Two days ago I bought a pound of fresh hake, merluza in Spanish. I cooked it in butter, half poached, half-sautéed. We ate half that night. Next day, I struggled with my thoughts: should I make fish cakes from the rest of the fish, or should I make a fish soup / sopa de pescado? Fish soup won. I put some truffle flavored olive oil into the frying pan, sliced small a tomato fresh from the garden, added a finely chopped onion, spiced it with sea salt, and added a small pinch of pimentón picante / hot Spanish paprika from La Vega in Spain. I let this simmer for a few minutes, then added some sherry. Into this mixture I put the rest of the hake together with the butter sauce that remained from the night before. The dish looked inviting, was very colorful, but appeared to be small and insufficient for the hungry eyes that followed the process. I added four large shrimp, sliced into four pieces each, a large scallop, thinly sliced, and sufficient water to thin the gathered liquids. Then I chopped up some sugar peas and added them as well. My sopa de pescado had undergone a sea change and become a sopa de mariscos / a sea food soup. The colors amazed: reds, yellows, oranges, and touches of green. On the spur of the moment, I named it New Brunswick Autumn Foliage. I tested it regularly as it simmered and it was ready when the sea food was done. Delicious.

I don’t know when my grandmother was born, or where, other than somewhere in Wales. I celebrate her birthday every time I cook something special, and my last two meals were very special. I don’t know where you are, Nana. You left us a long time ago. But wherever you are, thank you so much for the gifts you gave me. And Nana, I love you. You have traveled with me from Wales to Canada, and I celebrate you and your birthday every time I cook.

KIRA & so much more

 

IMG_0052

KIRA & so much more

KIRA & Kingsbrae Gardens are so much more than an outdoor adventure. They offer a journey into yourself, an exploration of your inner depths, a Jules Verne voyage into the interior of the world that you are: the artist, the creator, the truly spiritual person that you are capable of being.

How do I know? Because I have been there. I have walked those beaches, explored those shores, got my feet dirty in the Passamaquoddy mud, climbed those hills, viewed those islands from both sides. I have been out to sea to see those whales, have crossed the Old Sow from side to side, have imagined myself as a pirate for the shortest of times, crawling my sailing ship around the whirlpool, listening to its sucking sound, watching the seals as they rose from the depths, the sea gulls as they dropped from the skies.

Within the gardens, I have touched those secret places, grasped the flowers, crushed the leaves of herbs between sightless fingers and raised those perfumes to blind nostrils. I have also breathed in the scents of salt borne on a sea wind caressing the cheek, smoothing the brow, bearing away the cares of city and suburb.

Renewal is here and now. It is the sea wind’s kiss, the suck of mud, between the toes, barefoot, the rise and fall of tides, the ocean’s life forced into our lives and floating our cares and despairs away. Nothing of the city lurks here to ambush us, unless you bring it with cell phone, computer, texting, and the dull, grey air that will soon be vanquished and whisked away by the breeze, terns, gannets, the seal’s nose breaking through the sea’s surface, the deer crossing the road, demanding their right of way.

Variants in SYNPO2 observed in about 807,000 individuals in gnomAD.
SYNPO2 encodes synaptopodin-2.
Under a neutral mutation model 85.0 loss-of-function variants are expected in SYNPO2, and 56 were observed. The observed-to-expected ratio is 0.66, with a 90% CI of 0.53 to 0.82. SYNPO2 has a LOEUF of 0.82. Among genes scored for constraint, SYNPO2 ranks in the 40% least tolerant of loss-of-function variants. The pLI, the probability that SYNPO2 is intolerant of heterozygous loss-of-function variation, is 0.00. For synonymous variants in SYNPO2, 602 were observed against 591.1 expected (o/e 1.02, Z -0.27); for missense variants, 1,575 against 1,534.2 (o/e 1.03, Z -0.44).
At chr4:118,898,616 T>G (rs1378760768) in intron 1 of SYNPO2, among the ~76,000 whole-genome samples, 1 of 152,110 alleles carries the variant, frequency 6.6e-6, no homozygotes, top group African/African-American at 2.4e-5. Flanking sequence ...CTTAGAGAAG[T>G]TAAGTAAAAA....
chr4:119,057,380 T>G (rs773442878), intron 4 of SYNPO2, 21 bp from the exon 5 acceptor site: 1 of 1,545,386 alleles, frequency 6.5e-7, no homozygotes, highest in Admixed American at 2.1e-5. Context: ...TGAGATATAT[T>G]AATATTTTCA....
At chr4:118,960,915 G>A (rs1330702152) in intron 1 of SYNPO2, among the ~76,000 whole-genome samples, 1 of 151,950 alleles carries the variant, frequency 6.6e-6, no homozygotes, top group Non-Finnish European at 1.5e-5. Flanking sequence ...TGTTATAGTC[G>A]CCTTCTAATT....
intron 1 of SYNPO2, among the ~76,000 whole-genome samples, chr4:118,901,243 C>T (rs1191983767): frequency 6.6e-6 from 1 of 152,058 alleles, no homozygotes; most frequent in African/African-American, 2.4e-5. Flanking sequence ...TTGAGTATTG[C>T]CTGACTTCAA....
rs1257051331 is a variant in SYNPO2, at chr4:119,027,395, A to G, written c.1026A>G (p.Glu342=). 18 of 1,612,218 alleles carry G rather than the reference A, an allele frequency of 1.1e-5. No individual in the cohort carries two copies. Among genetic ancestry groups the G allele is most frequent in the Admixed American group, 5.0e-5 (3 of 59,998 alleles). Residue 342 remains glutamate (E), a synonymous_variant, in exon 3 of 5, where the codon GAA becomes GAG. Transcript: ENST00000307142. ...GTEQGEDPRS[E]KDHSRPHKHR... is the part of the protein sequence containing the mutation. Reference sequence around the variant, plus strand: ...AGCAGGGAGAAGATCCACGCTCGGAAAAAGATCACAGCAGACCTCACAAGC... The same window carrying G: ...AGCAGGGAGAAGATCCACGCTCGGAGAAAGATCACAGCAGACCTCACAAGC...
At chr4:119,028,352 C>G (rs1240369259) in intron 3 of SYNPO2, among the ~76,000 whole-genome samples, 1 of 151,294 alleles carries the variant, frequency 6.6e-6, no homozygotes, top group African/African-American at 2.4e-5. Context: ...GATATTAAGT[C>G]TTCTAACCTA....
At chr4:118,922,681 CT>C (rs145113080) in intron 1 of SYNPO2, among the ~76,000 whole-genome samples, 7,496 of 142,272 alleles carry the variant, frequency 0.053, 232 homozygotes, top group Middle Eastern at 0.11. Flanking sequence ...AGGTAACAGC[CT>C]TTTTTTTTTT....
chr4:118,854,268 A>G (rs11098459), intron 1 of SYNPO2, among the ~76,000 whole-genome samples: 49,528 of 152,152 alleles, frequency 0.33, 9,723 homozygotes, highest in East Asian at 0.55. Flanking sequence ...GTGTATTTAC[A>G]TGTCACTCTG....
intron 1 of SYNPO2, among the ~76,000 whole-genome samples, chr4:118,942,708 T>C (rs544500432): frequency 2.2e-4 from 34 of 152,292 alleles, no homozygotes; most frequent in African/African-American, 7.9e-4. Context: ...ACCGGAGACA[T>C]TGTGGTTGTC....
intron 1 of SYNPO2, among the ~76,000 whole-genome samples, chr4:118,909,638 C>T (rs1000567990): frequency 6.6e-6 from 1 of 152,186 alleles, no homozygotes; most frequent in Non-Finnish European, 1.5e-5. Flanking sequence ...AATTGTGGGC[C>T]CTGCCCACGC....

At the end of my own residency in KIRA (June, 2017), I tried to summarize my thoughts about the experience. To read them for yourself, click on this link: Residency, June 29, 2017. I was invited by the Writers’ Federation of New Brunswick to write about my stay. To read that, please click on this link: KIRA: an intensive creative experience WFNB, August 5, 2017).

To find information about your own potential residency at KIRA, click on this site KIRA – Kingsbrae Garden or this one KIRA Boutique Writing Retreat.

 IMG_0464

 

 

MT 2-6 Monkey Meets An Anarchist Ant

img_0188

MT 2.6
Monkey Meets An Anarchist Ant

(Memories of El Camino de Santiago)

The anarchist ant dresses in black.
He wears a little red base-ball cap
backwards on his head.
His eyes are fiery coals.

“Phooey!” He says.
“It’s folly to go with the flow.”
So he turns his back
on his companions and marches
in the other direction.

Some ants call him a fool.
The Ant Police try to turn him.
The Thought Police try
to make him change his mind.

Others, in blind obedience
to a thwarted, intolerant authority,
first bully him, then beat him,
then bite him till he’s dead.

Comment: One of the legends of the Road to St. James, the pilgrim route across Northern Spain that I walked in 1979, states that if you do not walk the road as a human being, in your own lifetime, you will come back as an ant and be forced to walk it ant form, when you are dead. I stood on the hill outside Astorga, looking back at the city. On the old pilgrim road, at my feet, and beneath the old Cruz de Harapos, a colony of ants was busy walking in a long line towards Santiago de Compostela. One turned his back on the group and started to walk the other way, but he didn’t last long. “Go to the ant, thou sluggard.” Fair enough. But watch out for the ant-police and the thought-police.